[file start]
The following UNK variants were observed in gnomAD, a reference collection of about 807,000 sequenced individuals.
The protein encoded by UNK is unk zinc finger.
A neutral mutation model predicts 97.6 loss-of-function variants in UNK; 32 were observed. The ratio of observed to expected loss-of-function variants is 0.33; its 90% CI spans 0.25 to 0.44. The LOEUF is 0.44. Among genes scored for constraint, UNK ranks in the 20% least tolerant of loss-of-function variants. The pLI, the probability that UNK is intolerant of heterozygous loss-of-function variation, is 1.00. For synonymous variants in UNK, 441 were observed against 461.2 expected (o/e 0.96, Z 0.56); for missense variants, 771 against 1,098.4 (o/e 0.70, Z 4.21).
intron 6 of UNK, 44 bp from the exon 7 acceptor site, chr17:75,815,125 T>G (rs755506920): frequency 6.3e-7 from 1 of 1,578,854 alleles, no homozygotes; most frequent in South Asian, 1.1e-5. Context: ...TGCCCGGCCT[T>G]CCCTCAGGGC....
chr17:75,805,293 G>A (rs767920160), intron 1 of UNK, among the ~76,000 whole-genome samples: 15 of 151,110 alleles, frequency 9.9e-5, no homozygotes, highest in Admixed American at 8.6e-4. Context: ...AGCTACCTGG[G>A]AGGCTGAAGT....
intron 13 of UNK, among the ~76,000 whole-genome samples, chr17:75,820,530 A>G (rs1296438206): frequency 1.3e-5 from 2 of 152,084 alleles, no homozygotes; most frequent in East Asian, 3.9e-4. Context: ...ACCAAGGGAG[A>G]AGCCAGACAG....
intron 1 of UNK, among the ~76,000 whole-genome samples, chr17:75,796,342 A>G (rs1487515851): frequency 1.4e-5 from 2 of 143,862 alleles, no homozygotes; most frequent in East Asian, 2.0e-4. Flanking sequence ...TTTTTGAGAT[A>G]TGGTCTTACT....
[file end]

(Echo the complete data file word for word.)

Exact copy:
The following UNK variants were observed in gnomAD, a reference collection of about 807,000 sequenced individuals.
The protein encoded by UNK is unk zinc finger.
A neutral mutation model predicts 97.6 loss-of-function variants in UNK; 32 were observed. The ratio of observed to expected loss-of-function variants is 0.33; its 90% CI spans 0.25 to 0.44. The LOEUF is 0.44. Among genes scored for constraint, UNK ranks in the 20% least tolerant of loss-of-function variants. The pLI, the probability that UNK is intolerant of heterozygous loss-of-function variation, is 1.00. For synonymous variants in UNK, 441 were observed against 461.2 expected (o/e 0.96, Z 0.56); for missense variants, 771 against 1,098.4 (o/e 0.70, Z 4.21).
intron 6 of UNK, 44 bp from the exon 7 acceptor site, chr17:75,815,125 T>G (rs755506920): frequency 6.3e-7 from 1 of 1,578,854 alleles, no homozygotes; most frequent in South Asian, 1.1e-5. Context: ...TGCCCGGCCT[T>G]CCCTCAGGGC....
chr17:75,805,293 G>A (rs767920160), intron 1 of UNK, among the ~76,000 whole-genome samples: 15 of 151,110 alleles, frequency 9.9e-5, no homozygotes, highest in Admixed American at 8.6e-4. Context: ...AGCTACCTGG[G>A]AGGCTGAAGT....
intron 13 of UNK, among the ~76,000 whole-genome samples, chr17:75,820,530 A>G (rs1296438206): frequency 1.3e-5 from 2 of 152,084 alleles, no homozygotes; most frequent in East Asian, 3.9e-4. Context: ...ACCAAGGGAG[A>G]AGCCAGACAG....
intron 1 of UNK, among the ~76,000 whole-genome samples, chr17:75,796,342 A>G (rs1487515851): frequency 1.4e-5 from 2 of 143,862 alleles, no homozygotes; most frequent in East Asian, 2.0e-4. Flanking sequence ...TTTTTGAGAT[A>G]TGGTCTTACT....